The dog days of summer are here. It’s hazy, hot, and humid, and no one feels like doing very much besides laying on the beach. In other words, it sounds like a perfect time to start thinking about the holidays. There are only 130 something shopping days until Christmas, after all. This must be why Disney’s new Nutcracker & The Four Realms trailer decided a day in August was the perfect day to arrive. Because nothing sounds more like snow, cold, and candlelight than the strains of Tchaikovsky’s iconic ballet score.
Except this isn’t any old production of The Nutcracker. Tell Baryshnikov he won’t be needed. Yes, there is some ballet. (Misty Copeland takes care of it.) But the film, which is entitled The Nutcracker & The Four Realms, isn’t actually the Nutcracker story as any of us know it.
It starts out like every production of The Nutcracker:
But somehow in the middle, it turns into a search through the Nutcracker’s winter world for a key, with Drosselmeyer (Morgan Freeman) as a guide, The Plum Fairy (Keira Knightly) as a friend, and a Witch (Helen Mirren) as a foe.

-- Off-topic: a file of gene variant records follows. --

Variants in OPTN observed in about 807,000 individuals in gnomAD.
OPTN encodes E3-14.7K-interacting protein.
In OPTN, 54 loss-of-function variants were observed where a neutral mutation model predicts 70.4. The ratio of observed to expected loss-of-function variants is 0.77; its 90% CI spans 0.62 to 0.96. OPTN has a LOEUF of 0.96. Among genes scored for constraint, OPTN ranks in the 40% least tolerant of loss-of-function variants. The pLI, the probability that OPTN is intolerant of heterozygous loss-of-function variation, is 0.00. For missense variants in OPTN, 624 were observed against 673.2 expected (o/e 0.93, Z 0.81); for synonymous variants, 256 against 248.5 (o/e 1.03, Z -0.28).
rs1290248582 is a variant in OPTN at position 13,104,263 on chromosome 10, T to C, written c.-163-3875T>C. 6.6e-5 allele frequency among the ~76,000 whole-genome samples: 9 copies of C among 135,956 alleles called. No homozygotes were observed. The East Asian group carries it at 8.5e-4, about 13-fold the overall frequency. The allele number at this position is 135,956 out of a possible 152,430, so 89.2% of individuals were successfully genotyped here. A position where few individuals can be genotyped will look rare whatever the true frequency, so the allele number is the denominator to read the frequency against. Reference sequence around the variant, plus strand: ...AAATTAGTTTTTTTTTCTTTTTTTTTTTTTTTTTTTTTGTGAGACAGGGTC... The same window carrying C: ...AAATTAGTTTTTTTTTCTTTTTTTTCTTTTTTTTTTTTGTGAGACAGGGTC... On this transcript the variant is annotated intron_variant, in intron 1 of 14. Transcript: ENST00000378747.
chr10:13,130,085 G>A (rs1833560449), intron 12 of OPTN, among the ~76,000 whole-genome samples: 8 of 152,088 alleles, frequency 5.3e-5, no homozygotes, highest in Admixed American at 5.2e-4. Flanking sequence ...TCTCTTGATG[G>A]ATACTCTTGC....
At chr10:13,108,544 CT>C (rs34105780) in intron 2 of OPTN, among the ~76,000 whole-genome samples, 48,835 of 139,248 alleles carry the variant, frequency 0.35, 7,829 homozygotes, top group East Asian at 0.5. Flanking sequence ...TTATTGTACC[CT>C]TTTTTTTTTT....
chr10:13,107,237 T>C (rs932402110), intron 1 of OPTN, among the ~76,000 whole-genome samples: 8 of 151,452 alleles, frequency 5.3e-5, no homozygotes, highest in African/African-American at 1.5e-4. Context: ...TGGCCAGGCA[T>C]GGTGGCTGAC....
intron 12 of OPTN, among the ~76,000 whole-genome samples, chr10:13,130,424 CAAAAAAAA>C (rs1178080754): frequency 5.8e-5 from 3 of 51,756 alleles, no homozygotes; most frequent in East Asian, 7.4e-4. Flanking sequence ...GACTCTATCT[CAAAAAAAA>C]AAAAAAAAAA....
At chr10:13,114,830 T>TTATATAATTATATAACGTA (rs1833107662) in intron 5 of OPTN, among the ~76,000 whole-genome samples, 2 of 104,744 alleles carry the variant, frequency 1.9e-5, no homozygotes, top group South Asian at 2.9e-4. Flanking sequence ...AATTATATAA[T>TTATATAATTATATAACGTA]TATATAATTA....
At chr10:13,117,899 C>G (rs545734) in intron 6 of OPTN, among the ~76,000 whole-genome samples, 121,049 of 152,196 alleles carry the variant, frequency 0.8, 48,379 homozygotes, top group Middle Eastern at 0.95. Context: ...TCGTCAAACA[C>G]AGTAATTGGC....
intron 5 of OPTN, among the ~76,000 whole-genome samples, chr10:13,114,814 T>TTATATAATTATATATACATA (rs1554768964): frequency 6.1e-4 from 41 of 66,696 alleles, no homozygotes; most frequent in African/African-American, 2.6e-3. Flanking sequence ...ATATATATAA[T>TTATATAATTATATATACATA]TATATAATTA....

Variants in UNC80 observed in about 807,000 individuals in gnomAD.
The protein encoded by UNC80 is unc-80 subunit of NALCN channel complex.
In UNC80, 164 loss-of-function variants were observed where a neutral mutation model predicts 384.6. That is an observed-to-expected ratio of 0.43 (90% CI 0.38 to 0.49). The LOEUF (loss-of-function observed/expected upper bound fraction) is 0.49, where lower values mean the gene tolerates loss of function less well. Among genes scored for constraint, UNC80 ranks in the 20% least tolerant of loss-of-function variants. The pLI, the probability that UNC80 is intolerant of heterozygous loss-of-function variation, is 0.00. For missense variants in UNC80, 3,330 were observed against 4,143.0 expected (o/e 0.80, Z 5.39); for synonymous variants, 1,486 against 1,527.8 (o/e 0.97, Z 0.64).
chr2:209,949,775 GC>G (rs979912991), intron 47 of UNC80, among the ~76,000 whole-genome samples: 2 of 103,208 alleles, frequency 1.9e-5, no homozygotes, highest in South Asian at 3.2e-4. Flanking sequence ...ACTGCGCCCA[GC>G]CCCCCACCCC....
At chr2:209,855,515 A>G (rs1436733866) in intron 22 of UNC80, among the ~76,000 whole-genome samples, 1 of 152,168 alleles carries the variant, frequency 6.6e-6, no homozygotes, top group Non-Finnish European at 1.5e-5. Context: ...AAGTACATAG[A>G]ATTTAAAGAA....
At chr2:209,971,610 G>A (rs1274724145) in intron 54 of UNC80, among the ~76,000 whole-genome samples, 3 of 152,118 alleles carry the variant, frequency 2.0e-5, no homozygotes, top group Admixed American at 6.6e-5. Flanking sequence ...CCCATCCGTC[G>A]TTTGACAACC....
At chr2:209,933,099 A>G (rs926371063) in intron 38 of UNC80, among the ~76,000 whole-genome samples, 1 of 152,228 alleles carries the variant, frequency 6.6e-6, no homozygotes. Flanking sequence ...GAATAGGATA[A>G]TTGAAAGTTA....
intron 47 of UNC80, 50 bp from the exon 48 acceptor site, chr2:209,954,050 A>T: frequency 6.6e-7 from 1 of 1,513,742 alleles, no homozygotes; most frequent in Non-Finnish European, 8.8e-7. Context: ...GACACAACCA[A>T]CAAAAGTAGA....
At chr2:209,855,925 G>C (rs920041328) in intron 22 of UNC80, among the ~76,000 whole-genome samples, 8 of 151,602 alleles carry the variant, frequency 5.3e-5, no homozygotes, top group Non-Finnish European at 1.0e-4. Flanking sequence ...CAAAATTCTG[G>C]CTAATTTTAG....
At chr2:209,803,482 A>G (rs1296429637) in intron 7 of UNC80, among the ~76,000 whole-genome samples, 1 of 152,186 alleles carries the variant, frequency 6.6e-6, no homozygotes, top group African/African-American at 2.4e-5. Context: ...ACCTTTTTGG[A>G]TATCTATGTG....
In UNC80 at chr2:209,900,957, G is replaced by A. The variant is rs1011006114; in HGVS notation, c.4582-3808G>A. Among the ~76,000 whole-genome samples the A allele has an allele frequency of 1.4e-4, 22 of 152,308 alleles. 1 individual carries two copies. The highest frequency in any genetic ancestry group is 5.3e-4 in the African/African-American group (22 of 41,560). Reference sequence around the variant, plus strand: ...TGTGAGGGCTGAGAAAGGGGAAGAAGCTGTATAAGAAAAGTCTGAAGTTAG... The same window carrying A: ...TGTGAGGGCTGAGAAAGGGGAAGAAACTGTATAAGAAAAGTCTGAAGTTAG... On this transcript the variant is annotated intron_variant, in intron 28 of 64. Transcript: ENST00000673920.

The results look something like this:
The title, The Nutcracker & The Four Realms, sounds like the second act is going to feature all the different classic dances, except they’re all plotting to steal the Iron Throne that Clara and her prince are sitting on. But if anything, the trailer makes it look more like a cross between a Narnia adventure and your standard Disney Princess fairy tale, with a bit of The Wizard of Oz thrown in for good measure.
But what bothers me most is the soundtrack. One can throw new narratives on top of The Nutcracker and update it in all kinds of way. Though most classical ballet companies strive to stay true to the original 1892 version, after 120 years, it’s OK to tinker with the plot, or even rewrite it wholesale.
The problem is with the second trailer.
What makes Tchaikovsky’s The Nutcracker is the music. The iconic score should not be messed with. And this trailer is messing with it, with a slow indie cover of No Doubt’s “Just a Girl” laid over top, a song having zero to do with the story. You can’t make Clara be a Secret Princess™ and then have her theme song be "Just A Girl." The whole point of going with a Chosen One narrative device is she’s not. It’s just, well, nuts.
Still, song issues aside, Disney has been doing really well with these live action film, and the call back to Fantasia (which used music from The Nutcracker Suite) in the top trailer suggests they plan to market this as another film following in that vein.
The Nutcracker and the Four Realms arrives in theaters well before the holiday season, on Nov. 2, 2018.
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